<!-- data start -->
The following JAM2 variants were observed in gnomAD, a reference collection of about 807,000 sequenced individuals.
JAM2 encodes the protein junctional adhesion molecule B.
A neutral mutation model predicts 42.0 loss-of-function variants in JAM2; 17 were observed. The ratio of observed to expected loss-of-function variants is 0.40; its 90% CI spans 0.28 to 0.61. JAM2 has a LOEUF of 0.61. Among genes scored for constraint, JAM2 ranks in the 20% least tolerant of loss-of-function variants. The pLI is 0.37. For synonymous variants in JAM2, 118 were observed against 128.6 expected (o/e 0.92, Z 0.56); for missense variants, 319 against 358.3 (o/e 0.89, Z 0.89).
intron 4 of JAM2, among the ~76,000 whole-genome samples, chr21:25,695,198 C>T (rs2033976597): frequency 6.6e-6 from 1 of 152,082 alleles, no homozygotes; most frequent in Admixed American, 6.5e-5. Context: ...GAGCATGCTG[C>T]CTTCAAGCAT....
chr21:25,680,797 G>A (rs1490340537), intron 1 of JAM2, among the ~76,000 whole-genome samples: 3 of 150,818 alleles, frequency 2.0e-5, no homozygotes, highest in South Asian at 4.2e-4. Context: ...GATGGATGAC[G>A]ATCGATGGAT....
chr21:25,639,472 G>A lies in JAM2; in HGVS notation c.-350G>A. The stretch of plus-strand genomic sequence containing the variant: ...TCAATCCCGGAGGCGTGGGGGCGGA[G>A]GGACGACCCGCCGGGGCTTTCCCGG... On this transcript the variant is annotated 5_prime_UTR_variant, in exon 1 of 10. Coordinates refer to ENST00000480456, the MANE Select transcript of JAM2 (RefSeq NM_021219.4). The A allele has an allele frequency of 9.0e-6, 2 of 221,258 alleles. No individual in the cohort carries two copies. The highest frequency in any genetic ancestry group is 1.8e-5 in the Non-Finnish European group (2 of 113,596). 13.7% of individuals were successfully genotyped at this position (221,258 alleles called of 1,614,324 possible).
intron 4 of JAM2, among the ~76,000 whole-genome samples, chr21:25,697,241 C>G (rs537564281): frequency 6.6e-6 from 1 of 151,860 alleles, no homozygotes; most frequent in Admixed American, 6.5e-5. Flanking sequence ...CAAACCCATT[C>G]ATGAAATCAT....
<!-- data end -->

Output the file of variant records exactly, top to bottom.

The following JAM2 variants were observed in gnomAD, a reference collection of about 807,000 sequenced individuals.
JAM2 encodes the protein junctional adhesion molecule B.
A neutral mutation model predicts 42.0 loss-of-function variants in JAM2; 17 were observed. The ratio of observed to expected loss-of-function variants is 0.40; its 90% CI spans 0.28 to 0.61. JAM2 has a LOEUF of 0.61. Among genes scored for constraint, JAM2 ranks in the 20% least tolerant of loss-of-function variants. The pLI is 0.37. For synonymous variants in JAM2, 118 were observed against 128.6 expected (o/e 0.92, Z 0.56); for missense variants, 319 against 358.3 (o/e 0.89, Z 0.89).
intron 4 of JAM2, among the ~76,000 whole-genome samples, chr21:25,695,198 C>T (rs2033976597): frequency 6.6e-6 from 1 of 152,082 alleles, no homozygotes; most frequent in Admixed American, 6.5e-5. Context: ...GAGCATGCTG[C>T]CTTCAAGCAT....
chr21:25,680,797 G>A (rs1490340537), intron 1 of JAM2, among the ~76,000 whole-genome samples: 3 of 150,818 alleles, frequency 2.0e-5, no homozygotes, highest in South Asian at 4.2e-4. Context: ...GATGGATGAC[G>A]ATCGATGGAT....
chr21:25,639,472 G>A lies in JAM2; in HGVS notation c.-350G>A. The stretch of plus-strand genomic sequence containing the variant: ...TCAATCCCGGAGGCGTGGGGGCGGA[G>A]GGACGACCCGCCGGGGCTTTCCCGG... On this transcript the variant is annotated 5_prime_UTR_variant, in exon 1 of 10. Coordinates refer to ENST00000480456, the MANE Select transcript of JAM2 (RefSeq NM_021219.4). The A allele has an allele frequency of 9.0e-6, 2 of 221,258 alleles. No individual in the cohort carries two copies. The highest frequency in any genetic ancestry group is 1.8e-5 in the Non-Finnish European group (2 of 113,596). 13.7% of individuals were successfully genotyped at this position (221,258 alleles called of 1,614,324 possible).
intron 4 of JAM2, among the ~76,000 whole-genome samples, chr21:25,697,241 C>G (rs537564281): frequency 6.6e-6 from 1 of 151,860 alleles, no homozygotes; most frequent in Admixed American, 6.5e-5. Flanking sequence ...CAAACCCATT[C>G]ATGAAATCAT....